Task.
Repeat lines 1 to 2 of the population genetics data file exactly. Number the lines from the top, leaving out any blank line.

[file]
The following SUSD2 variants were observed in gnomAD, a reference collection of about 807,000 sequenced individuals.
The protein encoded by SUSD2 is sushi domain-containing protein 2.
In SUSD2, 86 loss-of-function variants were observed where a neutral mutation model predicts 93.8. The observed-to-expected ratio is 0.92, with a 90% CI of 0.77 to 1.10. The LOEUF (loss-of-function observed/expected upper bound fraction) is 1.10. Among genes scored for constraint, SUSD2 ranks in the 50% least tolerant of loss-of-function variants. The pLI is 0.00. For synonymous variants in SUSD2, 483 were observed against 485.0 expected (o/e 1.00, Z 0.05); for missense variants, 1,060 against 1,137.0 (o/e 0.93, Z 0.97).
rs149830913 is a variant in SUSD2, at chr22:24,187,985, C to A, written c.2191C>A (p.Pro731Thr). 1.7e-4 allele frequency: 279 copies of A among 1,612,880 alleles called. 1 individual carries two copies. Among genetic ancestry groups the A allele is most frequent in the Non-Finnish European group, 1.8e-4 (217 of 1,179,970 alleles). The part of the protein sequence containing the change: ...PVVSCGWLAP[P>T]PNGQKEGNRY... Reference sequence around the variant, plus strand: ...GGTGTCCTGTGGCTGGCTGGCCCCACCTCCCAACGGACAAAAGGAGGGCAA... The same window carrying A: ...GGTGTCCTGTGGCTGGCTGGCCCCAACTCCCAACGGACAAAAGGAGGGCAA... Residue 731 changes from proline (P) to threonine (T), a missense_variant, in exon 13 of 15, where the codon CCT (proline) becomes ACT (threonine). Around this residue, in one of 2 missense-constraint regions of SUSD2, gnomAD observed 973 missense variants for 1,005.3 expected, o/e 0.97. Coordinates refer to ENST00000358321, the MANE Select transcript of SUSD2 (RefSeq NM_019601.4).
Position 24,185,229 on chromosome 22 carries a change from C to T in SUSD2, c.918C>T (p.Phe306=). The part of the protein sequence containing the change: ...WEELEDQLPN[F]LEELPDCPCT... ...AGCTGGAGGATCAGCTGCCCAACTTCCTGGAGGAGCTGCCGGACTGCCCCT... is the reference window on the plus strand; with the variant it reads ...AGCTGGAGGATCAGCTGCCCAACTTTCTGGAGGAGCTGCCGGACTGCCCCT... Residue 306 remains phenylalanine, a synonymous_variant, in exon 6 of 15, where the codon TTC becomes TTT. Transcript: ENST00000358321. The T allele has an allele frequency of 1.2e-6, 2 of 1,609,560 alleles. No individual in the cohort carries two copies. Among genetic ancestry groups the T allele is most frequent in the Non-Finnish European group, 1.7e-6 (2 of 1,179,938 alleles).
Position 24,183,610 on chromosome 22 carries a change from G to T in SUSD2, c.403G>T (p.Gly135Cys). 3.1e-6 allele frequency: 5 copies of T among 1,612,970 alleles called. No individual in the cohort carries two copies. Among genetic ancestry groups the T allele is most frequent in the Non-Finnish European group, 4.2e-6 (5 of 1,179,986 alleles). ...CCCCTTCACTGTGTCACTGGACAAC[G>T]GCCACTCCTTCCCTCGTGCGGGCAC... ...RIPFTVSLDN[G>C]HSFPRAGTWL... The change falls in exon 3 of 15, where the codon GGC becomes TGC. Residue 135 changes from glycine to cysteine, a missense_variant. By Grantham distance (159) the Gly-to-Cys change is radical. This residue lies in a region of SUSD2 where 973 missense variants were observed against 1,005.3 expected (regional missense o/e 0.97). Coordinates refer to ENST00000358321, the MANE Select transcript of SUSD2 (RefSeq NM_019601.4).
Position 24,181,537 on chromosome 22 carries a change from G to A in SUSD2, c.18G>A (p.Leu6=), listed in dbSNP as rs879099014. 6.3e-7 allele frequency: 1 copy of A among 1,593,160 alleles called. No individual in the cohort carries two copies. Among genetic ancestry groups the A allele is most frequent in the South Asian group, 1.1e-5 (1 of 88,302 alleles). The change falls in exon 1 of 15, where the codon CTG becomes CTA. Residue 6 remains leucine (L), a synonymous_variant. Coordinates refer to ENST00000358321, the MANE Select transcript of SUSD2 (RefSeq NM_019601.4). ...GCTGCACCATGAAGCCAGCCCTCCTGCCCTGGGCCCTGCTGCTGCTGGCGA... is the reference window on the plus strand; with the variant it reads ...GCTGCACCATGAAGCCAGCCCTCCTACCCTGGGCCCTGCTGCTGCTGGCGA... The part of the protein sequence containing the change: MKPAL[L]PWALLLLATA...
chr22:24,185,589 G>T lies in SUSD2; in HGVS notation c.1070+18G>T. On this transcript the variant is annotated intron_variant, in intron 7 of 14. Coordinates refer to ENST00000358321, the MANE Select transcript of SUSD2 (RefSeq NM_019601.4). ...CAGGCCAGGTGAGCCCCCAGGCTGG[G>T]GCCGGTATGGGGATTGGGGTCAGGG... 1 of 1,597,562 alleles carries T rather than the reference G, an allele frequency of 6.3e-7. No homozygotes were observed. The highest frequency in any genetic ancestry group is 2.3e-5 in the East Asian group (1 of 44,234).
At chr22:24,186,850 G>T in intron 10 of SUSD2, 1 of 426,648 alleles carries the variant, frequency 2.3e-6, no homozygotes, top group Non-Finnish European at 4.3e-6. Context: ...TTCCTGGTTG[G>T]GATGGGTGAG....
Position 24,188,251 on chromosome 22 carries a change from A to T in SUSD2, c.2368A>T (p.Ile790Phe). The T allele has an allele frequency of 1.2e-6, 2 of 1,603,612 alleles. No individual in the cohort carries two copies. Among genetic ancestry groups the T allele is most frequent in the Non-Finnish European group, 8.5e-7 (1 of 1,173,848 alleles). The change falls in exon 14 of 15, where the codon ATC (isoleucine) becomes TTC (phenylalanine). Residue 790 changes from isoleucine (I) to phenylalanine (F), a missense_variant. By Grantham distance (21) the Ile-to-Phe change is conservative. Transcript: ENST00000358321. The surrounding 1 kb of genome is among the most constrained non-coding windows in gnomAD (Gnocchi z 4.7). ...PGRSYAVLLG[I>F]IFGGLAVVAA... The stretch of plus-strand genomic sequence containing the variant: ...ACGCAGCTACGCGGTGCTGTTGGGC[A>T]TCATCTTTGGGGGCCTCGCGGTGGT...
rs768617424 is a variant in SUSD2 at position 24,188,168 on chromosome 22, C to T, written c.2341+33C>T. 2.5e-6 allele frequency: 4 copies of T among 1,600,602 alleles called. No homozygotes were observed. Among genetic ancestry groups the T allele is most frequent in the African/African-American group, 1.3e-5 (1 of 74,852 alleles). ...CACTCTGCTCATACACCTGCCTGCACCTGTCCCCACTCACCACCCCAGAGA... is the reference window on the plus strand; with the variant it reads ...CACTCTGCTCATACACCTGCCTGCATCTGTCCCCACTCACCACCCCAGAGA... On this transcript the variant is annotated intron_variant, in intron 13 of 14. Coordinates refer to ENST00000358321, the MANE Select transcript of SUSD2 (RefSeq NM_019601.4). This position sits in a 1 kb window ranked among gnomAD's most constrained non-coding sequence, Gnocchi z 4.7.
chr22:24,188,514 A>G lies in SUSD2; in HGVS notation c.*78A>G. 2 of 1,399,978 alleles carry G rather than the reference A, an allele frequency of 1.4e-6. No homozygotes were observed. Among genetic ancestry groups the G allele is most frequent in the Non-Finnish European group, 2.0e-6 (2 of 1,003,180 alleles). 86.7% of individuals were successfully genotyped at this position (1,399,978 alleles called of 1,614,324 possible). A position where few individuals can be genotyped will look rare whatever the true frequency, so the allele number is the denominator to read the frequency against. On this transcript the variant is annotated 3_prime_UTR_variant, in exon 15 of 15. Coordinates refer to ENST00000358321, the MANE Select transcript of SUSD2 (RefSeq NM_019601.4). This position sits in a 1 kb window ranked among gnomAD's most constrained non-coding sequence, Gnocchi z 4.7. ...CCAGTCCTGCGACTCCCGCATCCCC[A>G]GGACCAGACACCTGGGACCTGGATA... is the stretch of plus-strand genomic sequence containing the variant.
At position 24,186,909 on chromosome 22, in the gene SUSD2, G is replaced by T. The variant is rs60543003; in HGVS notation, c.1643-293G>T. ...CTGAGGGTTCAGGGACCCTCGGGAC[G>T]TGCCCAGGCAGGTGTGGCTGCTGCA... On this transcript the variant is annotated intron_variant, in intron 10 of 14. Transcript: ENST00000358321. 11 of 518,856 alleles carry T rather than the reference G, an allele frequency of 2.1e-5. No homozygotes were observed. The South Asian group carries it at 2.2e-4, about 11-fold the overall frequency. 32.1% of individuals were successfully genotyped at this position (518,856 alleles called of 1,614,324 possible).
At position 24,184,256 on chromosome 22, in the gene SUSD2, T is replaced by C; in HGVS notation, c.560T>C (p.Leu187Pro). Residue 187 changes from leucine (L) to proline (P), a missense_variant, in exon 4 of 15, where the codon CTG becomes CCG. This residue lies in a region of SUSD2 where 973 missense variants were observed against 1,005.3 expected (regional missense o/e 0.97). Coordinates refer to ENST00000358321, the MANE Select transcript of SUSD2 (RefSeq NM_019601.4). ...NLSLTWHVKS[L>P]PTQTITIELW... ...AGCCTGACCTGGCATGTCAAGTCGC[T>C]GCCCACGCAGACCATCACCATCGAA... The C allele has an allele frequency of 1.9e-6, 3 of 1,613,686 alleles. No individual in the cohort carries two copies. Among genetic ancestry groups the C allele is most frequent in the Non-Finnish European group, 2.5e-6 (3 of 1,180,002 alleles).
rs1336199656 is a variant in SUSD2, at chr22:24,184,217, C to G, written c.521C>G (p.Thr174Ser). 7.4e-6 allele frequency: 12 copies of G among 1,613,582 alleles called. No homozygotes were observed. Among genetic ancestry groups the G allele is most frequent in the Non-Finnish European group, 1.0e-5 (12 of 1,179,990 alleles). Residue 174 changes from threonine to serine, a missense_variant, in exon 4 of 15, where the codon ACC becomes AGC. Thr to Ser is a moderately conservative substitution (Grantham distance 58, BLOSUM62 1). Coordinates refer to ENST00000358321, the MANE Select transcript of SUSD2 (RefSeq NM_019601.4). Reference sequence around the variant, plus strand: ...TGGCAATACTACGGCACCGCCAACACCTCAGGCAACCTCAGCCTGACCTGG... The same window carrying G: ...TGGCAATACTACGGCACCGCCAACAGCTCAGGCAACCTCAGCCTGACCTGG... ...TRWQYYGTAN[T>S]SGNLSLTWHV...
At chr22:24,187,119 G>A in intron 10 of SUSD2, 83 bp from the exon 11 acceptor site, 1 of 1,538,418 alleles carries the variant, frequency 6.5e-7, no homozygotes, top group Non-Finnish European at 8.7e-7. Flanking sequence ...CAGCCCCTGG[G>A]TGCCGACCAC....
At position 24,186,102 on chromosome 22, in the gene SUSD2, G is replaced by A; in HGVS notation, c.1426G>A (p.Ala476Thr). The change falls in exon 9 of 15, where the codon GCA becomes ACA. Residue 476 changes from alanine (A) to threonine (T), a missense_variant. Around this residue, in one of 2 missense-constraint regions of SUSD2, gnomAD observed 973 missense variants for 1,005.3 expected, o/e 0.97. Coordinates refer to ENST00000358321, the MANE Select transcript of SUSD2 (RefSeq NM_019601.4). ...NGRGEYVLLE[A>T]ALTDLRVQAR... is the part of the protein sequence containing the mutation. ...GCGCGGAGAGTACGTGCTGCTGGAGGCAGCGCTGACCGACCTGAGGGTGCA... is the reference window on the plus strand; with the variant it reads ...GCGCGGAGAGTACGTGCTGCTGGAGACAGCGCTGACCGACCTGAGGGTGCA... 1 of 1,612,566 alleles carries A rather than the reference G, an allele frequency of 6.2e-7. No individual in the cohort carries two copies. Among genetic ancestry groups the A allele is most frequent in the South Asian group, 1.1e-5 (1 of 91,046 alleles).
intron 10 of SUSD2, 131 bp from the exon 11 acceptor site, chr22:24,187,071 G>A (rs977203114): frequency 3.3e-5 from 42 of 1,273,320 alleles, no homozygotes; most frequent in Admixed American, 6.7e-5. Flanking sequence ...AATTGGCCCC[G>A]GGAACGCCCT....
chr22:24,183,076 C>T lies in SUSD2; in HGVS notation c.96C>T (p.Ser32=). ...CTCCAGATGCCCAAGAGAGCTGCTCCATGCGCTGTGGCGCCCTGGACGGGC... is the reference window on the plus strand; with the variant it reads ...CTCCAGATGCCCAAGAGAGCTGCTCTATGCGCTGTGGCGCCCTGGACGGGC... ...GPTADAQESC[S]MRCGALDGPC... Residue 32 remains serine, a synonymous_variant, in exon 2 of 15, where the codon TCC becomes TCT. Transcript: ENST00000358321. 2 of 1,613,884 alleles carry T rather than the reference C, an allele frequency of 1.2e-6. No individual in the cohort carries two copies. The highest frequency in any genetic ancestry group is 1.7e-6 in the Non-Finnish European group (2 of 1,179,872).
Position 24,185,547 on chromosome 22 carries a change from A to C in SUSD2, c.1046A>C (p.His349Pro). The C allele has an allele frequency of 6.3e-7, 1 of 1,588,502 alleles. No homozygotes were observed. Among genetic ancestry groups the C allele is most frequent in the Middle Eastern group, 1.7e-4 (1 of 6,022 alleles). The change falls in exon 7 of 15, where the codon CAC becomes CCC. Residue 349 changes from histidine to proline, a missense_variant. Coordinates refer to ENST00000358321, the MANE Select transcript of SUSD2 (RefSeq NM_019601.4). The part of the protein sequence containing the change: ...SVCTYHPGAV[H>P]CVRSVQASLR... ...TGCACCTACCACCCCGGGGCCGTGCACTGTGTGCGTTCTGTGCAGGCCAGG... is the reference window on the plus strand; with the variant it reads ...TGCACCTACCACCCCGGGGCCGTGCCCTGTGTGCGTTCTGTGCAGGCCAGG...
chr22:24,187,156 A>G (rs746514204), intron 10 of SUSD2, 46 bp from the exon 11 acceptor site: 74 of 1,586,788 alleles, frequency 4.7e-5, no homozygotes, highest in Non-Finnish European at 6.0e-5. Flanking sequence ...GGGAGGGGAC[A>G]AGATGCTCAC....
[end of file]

The following SUSD2 variants were observed in gnomAD, a reference collection of about 807,000 sequenced individuals.
The protein encoded by SUSD2 is sushi domain-containing protein 2.